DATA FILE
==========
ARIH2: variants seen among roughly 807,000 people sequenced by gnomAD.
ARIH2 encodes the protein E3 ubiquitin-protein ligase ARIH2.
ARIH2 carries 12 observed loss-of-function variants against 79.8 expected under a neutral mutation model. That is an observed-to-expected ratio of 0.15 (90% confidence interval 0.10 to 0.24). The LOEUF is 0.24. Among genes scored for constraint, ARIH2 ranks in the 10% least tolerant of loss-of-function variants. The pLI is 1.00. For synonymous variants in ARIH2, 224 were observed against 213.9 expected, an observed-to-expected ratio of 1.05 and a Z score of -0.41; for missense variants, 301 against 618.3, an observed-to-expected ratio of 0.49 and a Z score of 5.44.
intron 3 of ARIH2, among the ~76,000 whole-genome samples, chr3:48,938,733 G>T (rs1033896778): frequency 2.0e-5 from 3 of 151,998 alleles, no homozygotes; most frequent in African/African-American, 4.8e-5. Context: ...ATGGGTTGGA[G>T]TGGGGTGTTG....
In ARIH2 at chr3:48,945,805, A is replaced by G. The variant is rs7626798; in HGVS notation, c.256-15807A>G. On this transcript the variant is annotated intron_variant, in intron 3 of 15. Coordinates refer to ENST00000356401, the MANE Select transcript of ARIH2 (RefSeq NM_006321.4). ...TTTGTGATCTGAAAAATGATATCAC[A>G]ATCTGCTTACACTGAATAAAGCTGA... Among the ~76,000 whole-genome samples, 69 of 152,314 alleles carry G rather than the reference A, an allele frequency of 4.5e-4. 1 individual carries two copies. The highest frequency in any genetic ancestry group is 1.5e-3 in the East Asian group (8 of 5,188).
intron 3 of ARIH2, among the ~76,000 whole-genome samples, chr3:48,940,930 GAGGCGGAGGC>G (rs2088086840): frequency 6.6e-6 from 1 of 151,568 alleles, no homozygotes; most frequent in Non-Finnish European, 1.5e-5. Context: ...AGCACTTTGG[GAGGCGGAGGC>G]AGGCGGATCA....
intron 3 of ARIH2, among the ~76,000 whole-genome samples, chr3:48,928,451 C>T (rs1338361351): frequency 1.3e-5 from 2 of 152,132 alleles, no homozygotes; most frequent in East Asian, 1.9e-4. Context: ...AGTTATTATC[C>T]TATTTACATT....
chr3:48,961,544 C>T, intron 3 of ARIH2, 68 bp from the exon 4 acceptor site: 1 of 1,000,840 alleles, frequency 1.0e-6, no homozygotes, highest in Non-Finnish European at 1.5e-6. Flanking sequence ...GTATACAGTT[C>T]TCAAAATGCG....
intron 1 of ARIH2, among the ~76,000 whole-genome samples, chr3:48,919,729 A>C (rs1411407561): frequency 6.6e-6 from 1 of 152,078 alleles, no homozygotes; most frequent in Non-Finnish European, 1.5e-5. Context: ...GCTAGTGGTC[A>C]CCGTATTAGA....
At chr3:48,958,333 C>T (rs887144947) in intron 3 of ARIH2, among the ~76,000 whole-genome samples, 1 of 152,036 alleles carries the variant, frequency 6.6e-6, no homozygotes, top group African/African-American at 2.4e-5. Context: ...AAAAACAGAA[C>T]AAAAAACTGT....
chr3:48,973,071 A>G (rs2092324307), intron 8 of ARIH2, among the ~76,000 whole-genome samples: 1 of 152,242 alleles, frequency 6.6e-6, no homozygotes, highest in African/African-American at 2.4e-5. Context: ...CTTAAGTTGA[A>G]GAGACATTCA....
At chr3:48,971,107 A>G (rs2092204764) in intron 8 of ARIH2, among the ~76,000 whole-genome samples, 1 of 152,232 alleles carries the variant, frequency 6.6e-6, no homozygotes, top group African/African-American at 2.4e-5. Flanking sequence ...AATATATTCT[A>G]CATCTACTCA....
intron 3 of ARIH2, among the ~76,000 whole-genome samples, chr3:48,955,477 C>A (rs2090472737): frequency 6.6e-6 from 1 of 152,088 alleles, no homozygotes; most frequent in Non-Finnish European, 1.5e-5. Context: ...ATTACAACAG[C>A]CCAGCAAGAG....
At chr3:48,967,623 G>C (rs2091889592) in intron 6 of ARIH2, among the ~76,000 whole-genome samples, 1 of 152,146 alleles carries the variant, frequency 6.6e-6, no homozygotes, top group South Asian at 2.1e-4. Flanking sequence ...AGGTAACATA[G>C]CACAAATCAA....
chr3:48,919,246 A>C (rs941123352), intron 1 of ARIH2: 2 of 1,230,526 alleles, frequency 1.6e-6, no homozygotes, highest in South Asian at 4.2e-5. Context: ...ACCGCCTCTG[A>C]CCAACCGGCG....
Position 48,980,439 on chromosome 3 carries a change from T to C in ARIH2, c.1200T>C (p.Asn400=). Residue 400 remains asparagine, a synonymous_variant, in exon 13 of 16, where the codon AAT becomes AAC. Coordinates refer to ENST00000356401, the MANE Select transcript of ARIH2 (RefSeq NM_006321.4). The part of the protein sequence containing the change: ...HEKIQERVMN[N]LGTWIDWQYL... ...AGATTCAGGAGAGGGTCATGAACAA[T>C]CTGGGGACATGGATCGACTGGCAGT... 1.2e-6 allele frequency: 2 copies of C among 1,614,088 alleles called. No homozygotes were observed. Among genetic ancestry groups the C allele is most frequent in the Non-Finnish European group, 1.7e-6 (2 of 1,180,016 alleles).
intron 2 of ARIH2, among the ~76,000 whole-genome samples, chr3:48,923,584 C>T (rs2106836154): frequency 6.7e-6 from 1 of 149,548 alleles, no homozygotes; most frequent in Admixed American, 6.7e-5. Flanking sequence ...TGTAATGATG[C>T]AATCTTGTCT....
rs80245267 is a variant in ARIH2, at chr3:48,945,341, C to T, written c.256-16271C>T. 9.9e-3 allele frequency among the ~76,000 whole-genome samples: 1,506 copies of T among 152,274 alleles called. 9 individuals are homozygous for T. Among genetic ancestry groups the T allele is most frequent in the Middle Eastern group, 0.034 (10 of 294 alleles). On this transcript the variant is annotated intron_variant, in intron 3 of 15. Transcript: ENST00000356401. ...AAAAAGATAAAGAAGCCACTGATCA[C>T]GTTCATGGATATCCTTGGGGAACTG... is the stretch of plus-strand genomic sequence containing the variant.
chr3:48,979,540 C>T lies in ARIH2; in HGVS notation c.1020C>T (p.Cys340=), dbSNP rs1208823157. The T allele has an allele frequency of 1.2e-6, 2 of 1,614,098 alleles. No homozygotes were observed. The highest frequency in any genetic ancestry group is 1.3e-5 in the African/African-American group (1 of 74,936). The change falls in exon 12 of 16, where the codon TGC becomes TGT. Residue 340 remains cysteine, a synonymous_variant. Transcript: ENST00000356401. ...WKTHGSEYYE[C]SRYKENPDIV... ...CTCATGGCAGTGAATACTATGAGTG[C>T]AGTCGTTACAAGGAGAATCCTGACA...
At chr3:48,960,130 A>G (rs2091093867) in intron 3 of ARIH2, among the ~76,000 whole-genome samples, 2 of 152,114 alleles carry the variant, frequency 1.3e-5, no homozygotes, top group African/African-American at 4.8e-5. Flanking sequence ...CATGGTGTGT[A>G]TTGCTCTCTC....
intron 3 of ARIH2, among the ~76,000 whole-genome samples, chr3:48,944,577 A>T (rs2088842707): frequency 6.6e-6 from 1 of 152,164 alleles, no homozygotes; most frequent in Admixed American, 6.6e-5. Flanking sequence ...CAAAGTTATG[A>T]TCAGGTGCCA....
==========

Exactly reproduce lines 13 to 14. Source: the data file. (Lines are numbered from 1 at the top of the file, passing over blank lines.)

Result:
intron 3 of ARIH2, among the ~76,000 whole-genome samples, chr3:48,955,477 C>A (rs2090472737): frequency 6.6e-6 from 1 of 152,088 alleles, no homozygotes; most frequent in Non-Finnish European, 1.5e-5. Context: ...ATTACAACAG[C>A]CCAGCAAGAG....
At chr3:48,967,623 G>C (rs2091889592) in intron 6 of ARIH2, among the ~76,000 whole-genome samples, 1 of 152,146 alleles carries the variant, frequency 6.6e-6, no homozygotes, top group South Asian at 2.1e-4. Flanking sequence ...AGGTAACATA[G>C]CACAAATCAA....